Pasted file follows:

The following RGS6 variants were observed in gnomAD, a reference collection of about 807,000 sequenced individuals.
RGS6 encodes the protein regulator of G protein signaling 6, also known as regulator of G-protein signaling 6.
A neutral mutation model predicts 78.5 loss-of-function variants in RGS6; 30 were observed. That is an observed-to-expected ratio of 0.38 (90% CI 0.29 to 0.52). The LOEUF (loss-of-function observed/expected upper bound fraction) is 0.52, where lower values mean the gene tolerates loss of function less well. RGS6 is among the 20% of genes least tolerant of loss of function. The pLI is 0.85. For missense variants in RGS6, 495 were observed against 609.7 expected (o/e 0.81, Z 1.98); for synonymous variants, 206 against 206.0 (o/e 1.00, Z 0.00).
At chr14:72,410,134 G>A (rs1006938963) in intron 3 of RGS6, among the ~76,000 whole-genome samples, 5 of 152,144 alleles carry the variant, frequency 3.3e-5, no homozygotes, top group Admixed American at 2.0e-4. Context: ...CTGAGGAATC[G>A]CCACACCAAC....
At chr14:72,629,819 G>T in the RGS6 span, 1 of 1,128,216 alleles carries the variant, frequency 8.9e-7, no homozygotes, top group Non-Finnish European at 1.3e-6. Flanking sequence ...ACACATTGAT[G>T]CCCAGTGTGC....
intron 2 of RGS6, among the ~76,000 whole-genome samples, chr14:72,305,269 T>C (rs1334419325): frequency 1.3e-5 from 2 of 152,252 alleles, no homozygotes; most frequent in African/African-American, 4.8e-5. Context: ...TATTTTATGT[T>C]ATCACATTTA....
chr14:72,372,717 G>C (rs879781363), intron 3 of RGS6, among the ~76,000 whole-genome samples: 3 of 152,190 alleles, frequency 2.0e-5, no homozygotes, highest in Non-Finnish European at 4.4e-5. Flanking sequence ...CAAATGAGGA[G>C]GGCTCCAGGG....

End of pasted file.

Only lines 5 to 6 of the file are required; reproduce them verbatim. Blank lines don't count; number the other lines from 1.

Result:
At chr14:72,629,819 G>T in the RGS6 span, 1 of 1,128,216 alleles carries the variant, frequency 8.9e-7, no homozygotes, top group Non-Finnish European at 1.3e-6. Flanking sequence ...ACACATTGAT[G>T]CCCAGTGTGC....
intron 2 of RGS6, among the ~76,000 whole-genome samples, chr14:72,305,269 T>C (rs1334419325): frequency 1.3e-5 from 2 of 152,252 alleles, no homozygotes; most frequent in African/African-American, 4.8e-5. Context: ...TATTTTATGT[T>C]ATCACATTTA....